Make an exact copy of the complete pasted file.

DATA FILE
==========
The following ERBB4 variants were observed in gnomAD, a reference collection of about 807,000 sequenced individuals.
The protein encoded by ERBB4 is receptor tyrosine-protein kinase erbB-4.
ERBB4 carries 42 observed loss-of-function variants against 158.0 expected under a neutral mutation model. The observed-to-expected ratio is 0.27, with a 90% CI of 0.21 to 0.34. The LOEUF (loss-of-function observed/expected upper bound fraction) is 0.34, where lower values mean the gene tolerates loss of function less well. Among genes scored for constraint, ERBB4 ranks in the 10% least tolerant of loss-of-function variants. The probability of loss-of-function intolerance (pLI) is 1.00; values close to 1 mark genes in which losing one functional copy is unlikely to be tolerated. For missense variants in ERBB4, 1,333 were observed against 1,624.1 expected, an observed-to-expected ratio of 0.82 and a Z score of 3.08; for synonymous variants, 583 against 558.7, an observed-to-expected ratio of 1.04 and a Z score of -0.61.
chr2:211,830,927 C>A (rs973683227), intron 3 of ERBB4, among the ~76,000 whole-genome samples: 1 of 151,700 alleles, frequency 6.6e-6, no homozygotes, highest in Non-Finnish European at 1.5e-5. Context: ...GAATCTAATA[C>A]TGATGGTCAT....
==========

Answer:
The following ERBB4 variants were observed in gnomAD, a reference collection of about 807,000 sequenced individuals.
The protein encoded by ERBB4 is receptor tyrosine-protein kinase erbB-4.
ERBB4 carries 42 observed loss-of-function variants against 158.0 expected under a neutral mutation model. The observed-to-expected ratio is 0.27, with a 90% CI of 0.21 to 0.34. The LOEUF (loss-of-function observed/expected upper bound fraction) is 0.34, where lower values mean the gene tolerates loss of function less well. Among genes scored for constraint, ERBB4 ranks in the 10% least tolerant of loss-of-function variants. The probability of loss-of-function intolerance (pLI) is 1.00; values close to 1 mark genes in which losing one functional copy is unlikely to be tolerated. For missense variants in ERBB4, 1,333 were observed against 1,624.1 expected, an observed-to-expected ratio of 0.82 and a Z score of 3.08; for synonymous variants, 583 against 558.7, an observed-to-expected ratio of 1.04 and a Z score of -0.61.
chr2:211,830,927 C>A (rs973683227), intron 3 of ERBB4, among the ~76,000 whole-genome samples: 1 of 151,700 alleles, frequency 6.6e-6, no homozygotes, highest in Non-Finnish European at 1.5e-5. Context: ...GAATCTAATA[C>A]TGATGGTCAT....